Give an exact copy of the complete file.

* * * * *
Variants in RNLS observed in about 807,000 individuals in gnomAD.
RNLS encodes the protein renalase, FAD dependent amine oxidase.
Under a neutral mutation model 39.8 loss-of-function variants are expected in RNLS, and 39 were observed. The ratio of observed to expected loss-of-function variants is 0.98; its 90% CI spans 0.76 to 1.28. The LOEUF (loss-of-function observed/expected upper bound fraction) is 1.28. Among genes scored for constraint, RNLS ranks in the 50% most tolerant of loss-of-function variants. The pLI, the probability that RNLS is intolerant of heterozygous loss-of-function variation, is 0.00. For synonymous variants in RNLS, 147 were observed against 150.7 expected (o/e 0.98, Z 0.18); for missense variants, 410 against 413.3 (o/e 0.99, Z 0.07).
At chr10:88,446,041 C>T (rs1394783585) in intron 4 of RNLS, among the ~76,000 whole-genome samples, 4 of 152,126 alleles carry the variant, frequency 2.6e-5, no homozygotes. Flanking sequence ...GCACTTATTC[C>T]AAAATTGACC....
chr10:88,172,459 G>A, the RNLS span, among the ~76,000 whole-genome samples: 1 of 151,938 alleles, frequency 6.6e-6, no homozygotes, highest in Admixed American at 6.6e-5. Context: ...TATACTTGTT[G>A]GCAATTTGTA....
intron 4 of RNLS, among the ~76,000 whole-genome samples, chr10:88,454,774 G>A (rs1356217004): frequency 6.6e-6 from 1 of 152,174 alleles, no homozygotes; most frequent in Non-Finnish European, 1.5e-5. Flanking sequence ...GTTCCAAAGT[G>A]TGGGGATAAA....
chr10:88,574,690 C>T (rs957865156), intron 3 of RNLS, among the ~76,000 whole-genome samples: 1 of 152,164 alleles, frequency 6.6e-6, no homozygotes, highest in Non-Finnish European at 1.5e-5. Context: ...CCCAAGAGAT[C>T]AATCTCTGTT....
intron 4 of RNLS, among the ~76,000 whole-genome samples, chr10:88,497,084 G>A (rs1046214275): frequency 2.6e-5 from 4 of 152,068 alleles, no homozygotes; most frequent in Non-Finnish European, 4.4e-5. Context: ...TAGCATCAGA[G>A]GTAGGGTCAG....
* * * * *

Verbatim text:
Variants in RNLS observed in about 807,000 individuals in gnomAD.
RNLS encodes the protein renalase, FAD dependent amine oxidase.
Under a neutral mutation model 39.8 loss-of-function variants are expected in RNLS, and 39 were observed. The ratio of observed to expected loss-of-function variants is 0.98; its 90% CI spans 0.76 to 1.28. The LOEUF (loss-of-function observed/expected upper bound fraction) is 1.28. Among genes scored for constraint, RNLS ranks in the 50% most tolerant of loss-of-function variants. The pLI, the probability that RNLS is intolerant of heterozygous loss-of-function variation, is 0.00. For synonymous variants in RNLS, 147 were observed against 150.7 expected (o/e 0.98, Z 0.18); for missense variants, 410 against 413.3 (o/e 0.99, Z 0.07).
At chr10:88,446,041 C>T (rs1394783585) in intron 4 of RNLS, among the ~76,000 whole-genome samples, 4 of 152,126 alleles carry the variant, frequency 2.6e-5, no homozygotes. Flanking sequence ...GCACTTATTC[C>T]AAAATTGACC....
chr10:88,172,459 G>A, the RNLS span, among the ~76,000 whole-genome samples: 1 of 151,938 alleles, frequency 6.6e-6, no homozygotes, highest in Admixed American at 6.6e-5. Context: ...TATACTTGTT[G>A]GCAATTTGTA....
intron 4 of RNLS, among the ~76,000 whole-genome samples, chr10:88,454,774 G>A (rs1356217004): frequency 6.6e-6 from 1 of 152,174 alleles, no homozygotes; most frequent in Non-Finnish European, 1.5e-5. Flanking sequence ...GTTCCAAAGT[G>A]TGGGGATAAA....
chr10:88,574,690 C>T (rs957865156), intron 3 of RNLS, among the ~76,000 whole-genome samples: 1 of 152,164 alleles, frequency 6.6e-6, no homozygotes, highest in Non-Finnish European at 1.5e-5. Context: ...CCCAAGAGAT[C>T]AATCTCTGTT....
intron 4 of RNLS, among the ~76,000 whole-genome samples, chr10:88,497,084 G>A (rs1046214275): frequency 2.6e-5 from 4 of 152,068 alleles, no homozygotes; most frequent in Non-Finnish European, 4.4e-5. Context: ...TAGCATCAGA[G>A]GTAGGGTCAG....